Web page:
Residential property prices in China are collapsing at a faster rate than in the US post-Lehmans, or – to put it a bit less excitedly – by 5.7% in the year to February. So what was a RMB1,000,000 apartment a year ago now goes for around RMB950,000. An innocent bystander might assume that, after surging in 2010 and 2013, prices are simply peaking, so no big deal. But as we all know, a property market is a slow, lumbering beast, and when it starts plodding downhill it can keep going, however slowly, for a very long time.
One of the perplexities and perversities of modern life is that when the cost of food, fuel, clothing, phones or medicine comes down, it’s a Very Good Thing, but when home prices fall, it’s a Very Bad and Scary Thing, at least for a lot of people and many policymakers. The main reason is that it suddenly becomes clear with a massive Doh! that developers and buyers have borrowed crazy amounts of money they can never repay, and banks and the economy face ruin. In addition, China has a system (suggested in the late 1970s by a young Hong Kong patriot/property agent called CY Leung) whereby local governments rely on land sales for revenues needed to pay for public services.
The feeling of impending doom grows stronger. China is sitting on a mountain of bad debt. (How big is ‘a mountain’? No-one’s sure.) One in five urban apartments in the country is
sitting empty. (Maybe. Again, nobody’s certain.) We are also told that the property sector accounts for 15% or 20% of national GDP. (Which is putting the cart before the horse, like arguing that Hong Kong ‘relies’ on Mainland tourists because there are so many of them. A worthless, destructive activity accounts for a fifth of your GDP, therefore it’s vital.)
Note the key common theme running through all this: no-one has a clue. Even basic indicators like GDP growth and inflation are falsified in China, so forget reliable data on non-performing loans or overcapacity of housing stock. Most agree, however, that there is a really huge, serious problem.
So what happens? Why of course – the stock market booms. People have been muttering about the country’s property market bursting, falling or at least subsiding for well over a year. The scarier things look, the higher the stock index goes. The government can’t/won’t allow a mega-collapse, everyone assumes, so it will bail out/stimulate as much as it takes to prop it all up, which translates into more money sloshing around, which will get invested in equities for lack of anything else, so buy now.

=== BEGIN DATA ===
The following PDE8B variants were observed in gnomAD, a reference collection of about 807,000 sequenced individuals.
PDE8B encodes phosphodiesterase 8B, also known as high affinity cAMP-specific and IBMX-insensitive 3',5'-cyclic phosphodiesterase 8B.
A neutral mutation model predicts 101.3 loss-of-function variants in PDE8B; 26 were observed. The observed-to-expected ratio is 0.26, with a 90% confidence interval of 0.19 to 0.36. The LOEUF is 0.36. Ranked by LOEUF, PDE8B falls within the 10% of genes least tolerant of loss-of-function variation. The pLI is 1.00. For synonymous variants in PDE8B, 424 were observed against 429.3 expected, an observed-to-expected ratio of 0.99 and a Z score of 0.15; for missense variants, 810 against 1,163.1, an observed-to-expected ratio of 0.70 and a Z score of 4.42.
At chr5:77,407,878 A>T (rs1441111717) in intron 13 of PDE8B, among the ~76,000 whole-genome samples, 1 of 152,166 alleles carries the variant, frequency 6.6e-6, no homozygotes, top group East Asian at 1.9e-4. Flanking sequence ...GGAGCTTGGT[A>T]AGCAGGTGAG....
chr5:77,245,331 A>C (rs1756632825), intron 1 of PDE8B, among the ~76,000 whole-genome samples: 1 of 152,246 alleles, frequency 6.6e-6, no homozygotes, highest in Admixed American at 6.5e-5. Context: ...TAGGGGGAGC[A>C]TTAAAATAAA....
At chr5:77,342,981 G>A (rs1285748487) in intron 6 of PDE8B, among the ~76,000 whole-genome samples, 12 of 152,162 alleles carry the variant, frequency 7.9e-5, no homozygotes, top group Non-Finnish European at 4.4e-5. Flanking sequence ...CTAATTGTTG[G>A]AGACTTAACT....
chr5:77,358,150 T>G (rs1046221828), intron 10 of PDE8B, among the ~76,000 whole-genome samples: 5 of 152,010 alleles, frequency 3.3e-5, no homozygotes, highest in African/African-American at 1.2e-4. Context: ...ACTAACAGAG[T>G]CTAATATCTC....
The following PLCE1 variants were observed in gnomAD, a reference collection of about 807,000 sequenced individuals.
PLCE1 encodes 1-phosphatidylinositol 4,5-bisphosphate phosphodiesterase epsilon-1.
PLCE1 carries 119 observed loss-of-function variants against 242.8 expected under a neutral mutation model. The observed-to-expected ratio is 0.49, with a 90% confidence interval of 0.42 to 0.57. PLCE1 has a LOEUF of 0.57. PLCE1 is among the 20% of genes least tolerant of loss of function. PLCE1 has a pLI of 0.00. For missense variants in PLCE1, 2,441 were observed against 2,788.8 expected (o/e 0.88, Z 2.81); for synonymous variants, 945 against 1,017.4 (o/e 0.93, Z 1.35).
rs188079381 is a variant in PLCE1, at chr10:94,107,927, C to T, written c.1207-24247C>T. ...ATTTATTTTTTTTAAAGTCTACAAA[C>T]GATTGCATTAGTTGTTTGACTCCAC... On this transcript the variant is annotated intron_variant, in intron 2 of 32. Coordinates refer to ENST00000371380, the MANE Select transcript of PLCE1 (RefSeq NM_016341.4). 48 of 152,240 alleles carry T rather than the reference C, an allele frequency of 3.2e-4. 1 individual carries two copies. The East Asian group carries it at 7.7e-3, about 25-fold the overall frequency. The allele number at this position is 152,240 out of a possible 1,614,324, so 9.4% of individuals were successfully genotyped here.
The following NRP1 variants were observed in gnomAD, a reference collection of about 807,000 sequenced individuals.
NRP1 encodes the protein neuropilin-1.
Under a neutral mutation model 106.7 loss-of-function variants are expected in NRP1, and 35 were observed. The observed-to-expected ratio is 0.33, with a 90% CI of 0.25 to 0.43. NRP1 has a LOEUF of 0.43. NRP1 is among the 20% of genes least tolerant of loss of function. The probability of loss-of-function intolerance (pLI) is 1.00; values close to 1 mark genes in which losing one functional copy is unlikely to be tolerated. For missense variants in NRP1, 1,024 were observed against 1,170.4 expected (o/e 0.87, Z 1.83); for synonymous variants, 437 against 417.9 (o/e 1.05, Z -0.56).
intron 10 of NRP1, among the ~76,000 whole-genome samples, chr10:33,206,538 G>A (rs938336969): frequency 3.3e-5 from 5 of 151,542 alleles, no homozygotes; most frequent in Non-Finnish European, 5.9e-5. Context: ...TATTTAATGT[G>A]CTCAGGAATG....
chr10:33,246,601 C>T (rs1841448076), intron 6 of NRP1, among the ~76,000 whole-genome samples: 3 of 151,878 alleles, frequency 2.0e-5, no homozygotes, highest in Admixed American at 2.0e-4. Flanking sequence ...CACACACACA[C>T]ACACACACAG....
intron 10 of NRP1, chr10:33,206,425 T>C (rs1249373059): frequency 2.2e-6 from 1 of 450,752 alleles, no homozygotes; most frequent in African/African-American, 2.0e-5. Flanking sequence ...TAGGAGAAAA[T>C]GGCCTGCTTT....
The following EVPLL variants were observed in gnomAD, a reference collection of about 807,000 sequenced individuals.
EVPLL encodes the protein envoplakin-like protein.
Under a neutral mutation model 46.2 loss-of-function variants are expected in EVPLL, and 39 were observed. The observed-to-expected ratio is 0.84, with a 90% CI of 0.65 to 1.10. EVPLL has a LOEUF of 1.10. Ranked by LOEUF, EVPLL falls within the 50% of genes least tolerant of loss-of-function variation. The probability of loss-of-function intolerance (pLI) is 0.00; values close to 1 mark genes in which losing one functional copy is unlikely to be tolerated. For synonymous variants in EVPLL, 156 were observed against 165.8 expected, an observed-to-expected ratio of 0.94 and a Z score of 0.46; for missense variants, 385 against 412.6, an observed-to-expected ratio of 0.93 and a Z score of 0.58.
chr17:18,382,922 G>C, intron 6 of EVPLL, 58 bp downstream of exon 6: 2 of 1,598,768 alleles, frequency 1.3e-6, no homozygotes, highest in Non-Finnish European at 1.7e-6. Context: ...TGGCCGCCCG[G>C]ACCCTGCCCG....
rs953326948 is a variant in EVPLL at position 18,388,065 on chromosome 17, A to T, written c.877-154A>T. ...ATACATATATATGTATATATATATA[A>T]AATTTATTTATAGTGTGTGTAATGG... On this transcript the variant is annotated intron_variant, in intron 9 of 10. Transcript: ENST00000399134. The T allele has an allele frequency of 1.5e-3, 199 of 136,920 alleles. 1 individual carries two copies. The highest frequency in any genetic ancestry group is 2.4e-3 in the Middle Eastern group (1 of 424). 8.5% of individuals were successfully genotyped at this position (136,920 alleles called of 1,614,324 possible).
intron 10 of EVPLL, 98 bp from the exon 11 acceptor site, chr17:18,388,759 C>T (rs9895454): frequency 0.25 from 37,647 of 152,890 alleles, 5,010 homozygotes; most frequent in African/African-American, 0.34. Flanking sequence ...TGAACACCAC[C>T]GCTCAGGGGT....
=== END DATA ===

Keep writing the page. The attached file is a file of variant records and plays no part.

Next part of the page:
A few years ago, chattering Davos types started talking about a ‘Beijing Consensus’. There was a ‘Washington Consensus’ with liberal democracy and free markets, which was a discredited and exhausted joke after the financial crisis broke out in 2007. Now, China was showing the world a new way, with oh-so professional and purposeful authoritarian rule enabling and guiding smooth economic growth that avoided all the bubbles and volatility and waste and the Doh! stupidity you get with the wrecked old Western system. Oh well, nice idea. The reality: China’s policymakers can’t think of anything more original than debt-fuelled bubbles and bailouts and monetary stimulus, after all.
This is a long way of adding to the debate about the famed David Shambaugh essay. With state secrecy and quite possibly ignorance in place of dependable public statistics, any kind of analysis can only be guesswork. Two things we can be sure of are that in China the same rules of economics apply as elsewhere, and the leaders do not seem to have any new ideas.